The 2015 Tatts Finke Desert Race is now only a few weeks away and for most of you only a few days before you head to the red center to give it your best shot at Australia's greatest desert race or should I say race or event in general!
For this blog I thought way back to my first Finke and how I was feeling about this time before the race but then I remembered it was 2004 and thats old news and I had already covered that in Blog 1. So what I did was call in my mate Duncan who was one of the fellas I talked into doing the 2014 Finke and I have mentioned a few times throughout my last few blogs.
Just quickly the reason I want Duncan to tell his story is that he was in the same spot this time last year as most of you guys are right now! Let me tell you Dunc was shitting himself and rightfully so! - Duncan has been a mate for a long time, our dads are best friends from primary school and Dunc is the little brother I never had so as you can imagine like all older brothers I talk him into doing all sorts of things which are not always successful!!! So I guess Dunc was at this time last year wondering if this was yet another laugh for me or an adventure for him? I was hoping for both!
Anyway here is Duncan McCrindle's account of the great race as a full Finke virgin! His only experience was watching last years DVD.
You’re obviously reading this column as you have a genuine interest inentering the Tatts Finke Desert Race but you’re just not sure if your ability will outweigh your ambitions? Well join the club!!! Like, an average C grade motocrosser at best, I too felt incapable of competing in such an event.
However, in this column you will hear it from the Guinea pig’s mouth, the tail of my journey to Alice Springs to compete in Australia’s biggest and most prestigious desert race for the very first time.
For a few years now, a very close friend of mine Vaughan Cumming has been pestering me to enter in the race. For far too longthough, I have never considered myself capable of finishing the event. The thought of riding through 3m deep whoops, over gnarly rocks and in soft sandall at speeds greater than any marked road in Australia for around three hours just didn’t seem achievable to me – probably similar to yourself. Well again like me, consider yourself wrong! The achievable part anyway. After seriously considering entering the race, I was introduced to a bloke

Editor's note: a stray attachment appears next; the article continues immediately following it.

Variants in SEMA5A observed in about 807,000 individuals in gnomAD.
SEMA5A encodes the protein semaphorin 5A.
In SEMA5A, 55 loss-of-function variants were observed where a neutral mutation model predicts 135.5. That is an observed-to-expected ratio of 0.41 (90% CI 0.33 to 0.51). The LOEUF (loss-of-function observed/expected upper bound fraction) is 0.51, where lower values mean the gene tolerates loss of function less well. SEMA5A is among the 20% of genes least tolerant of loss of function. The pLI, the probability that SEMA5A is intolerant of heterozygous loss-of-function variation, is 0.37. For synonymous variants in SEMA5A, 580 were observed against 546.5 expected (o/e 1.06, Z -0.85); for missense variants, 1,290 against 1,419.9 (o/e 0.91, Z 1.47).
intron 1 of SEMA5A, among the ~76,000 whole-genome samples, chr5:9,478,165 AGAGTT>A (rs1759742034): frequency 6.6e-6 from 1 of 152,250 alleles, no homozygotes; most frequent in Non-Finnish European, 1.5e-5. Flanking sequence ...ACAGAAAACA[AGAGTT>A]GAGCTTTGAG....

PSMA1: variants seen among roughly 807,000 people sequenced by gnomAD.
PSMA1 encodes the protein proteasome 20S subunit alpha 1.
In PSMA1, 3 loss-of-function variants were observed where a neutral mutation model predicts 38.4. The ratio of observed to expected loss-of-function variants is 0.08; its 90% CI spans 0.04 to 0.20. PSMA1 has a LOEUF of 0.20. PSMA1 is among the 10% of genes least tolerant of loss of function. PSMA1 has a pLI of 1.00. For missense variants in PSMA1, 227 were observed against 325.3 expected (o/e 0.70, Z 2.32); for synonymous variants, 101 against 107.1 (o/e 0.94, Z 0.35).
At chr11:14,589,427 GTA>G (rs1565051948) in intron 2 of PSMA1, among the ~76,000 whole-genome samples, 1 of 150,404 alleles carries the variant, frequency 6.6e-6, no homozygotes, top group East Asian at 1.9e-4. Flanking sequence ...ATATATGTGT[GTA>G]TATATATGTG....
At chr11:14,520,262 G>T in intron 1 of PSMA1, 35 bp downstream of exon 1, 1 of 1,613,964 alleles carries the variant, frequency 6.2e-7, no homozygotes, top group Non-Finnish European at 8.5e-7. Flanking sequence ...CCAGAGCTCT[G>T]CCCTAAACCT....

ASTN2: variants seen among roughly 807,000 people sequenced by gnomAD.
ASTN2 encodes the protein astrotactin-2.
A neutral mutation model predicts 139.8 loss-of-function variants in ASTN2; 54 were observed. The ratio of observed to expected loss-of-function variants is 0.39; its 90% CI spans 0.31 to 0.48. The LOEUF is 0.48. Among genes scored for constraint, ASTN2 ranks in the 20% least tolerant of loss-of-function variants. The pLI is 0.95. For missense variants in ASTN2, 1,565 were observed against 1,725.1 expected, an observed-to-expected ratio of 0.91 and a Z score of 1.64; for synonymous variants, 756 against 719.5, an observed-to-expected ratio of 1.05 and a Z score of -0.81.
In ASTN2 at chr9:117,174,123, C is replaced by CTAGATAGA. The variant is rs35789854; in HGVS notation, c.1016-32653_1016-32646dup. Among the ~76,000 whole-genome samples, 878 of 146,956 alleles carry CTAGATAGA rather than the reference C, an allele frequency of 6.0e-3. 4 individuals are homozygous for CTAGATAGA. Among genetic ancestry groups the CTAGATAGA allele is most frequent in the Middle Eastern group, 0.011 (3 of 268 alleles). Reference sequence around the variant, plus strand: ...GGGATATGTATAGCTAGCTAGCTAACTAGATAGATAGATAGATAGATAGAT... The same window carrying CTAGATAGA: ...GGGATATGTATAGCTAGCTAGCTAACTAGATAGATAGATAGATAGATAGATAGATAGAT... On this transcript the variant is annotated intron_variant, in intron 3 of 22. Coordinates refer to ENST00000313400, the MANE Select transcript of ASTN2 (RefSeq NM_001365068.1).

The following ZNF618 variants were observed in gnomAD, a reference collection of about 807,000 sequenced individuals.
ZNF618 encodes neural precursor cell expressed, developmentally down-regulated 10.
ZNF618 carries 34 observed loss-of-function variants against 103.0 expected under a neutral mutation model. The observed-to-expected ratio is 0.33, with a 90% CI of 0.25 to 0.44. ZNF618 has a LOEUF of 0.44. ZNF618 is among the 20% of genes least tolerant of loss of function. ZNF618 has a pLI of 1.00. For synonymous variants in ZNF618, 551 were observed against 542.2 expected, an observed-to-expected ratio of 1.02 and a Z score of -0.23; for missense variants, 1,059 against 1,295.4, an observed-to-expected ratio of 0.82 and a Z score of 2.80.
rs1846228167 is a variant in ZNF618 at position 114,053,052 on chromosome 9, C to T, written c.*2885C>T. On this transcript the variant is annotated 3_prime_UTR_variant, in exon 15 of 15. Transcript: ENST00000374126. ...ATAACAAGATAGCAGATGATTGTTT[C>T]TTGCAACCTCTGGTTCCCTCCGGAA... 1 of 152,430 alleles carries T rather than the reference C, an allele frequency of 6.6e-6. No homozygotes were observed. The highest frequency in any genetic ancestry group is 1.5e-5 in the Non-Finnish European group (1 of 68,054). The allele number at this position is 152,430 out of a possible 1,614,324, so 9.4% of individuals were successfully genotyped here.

named Joe Grogan, another naïve friend of Vaughan’s who he had also convinced to enter. Knowing I wasn’t the only victim of peer pressure in this circumstance, I finally caved in and decided that 2014 was going to be the year!!!
Having decided in late December 2013 that I was definitely going to enter for 2014, I knew I had a lot of preparation to do! This included setting up my RM-Z450 for desert racing, dropping a few lbs, making a genuine effort to get fit and to get out and start practising. Skipping the minor details, by mid-May I was ready as I was ever going to be. My steed was in a good working order with all the extra but necessary trimmings including steg pegz, a MSC steering damper, long range tank, higher bend handlebars andheavy duty tubes. I had been busting out a sweat on the rowing machine and exercise bike at my local gym roughly 3 nights a week and clocked up a reasonable amount of practise trail riding in sandy conditions. All that was left to do was pack the trailer and to exceed the speed limit to Alice Springs in excitement/fear – I wasn’t too sure at the time!
These are the mates/idiots I went on my Finke Adventure with!
After travelling up the guts of Australia having a blast camping on the side of the road for nearly 3 full days, we finally hit a dirt road leading us out to the track. As we all knew we were getting closer to what we had been preparing for the last 6 months or so, I distinctly remember the three of us going from talking and yahooing to silence and a stomach full of butterflies – still 5 days prior to race day. As we moved onto the access road looking for a good spot to camp for the next two nights, the track became visible as well as other guys getting in some pre-running. The track looked gnarly, tough, dusty, fast, hard and every other descriptive word that can put doubtin your mind!!! However we had arrived and there was nothing left to do but to set up camp and gear up.
On our first day pre-running, we cruised 50kms or so south down the access road from our camp near the 100km bonnet so we could head north on the track as it was after 12noon. By the time we got to Bundooma (140km mark) I had built up fairly decent arm pump from gripping the bars so tight just from riding down the access road – I was that nervous!! However I managed to release some of my nervous energy once we got on the track and found it was less daunting than it looked.
Our second and final day pre-running was definitely more eventful. As we were eating our breakfast at camp around 9oclock, we see the KTM team riders Price, Long and Grabham bombing past also pre-running. The speed that these guys can ride at is just incredible! Soon enough though we were bombing down the track and by the end of the day managed to clock up around 180km!! Next we were back on route to Alice where we would check into our motel, prepare our bikes for scrutineering, prologue and race day 1 and 2.
Come Saturday morning, a whole new cattle of fish emerged as far as nerves were concerned – prologue!!! Everyone entering a one lap hot pursuit trying to get the best starting position they can. Lining up against two other riders you don’t know nor how fast or slow they may be can daunting to say the least, however I finished prologue without any hassles in 237th position.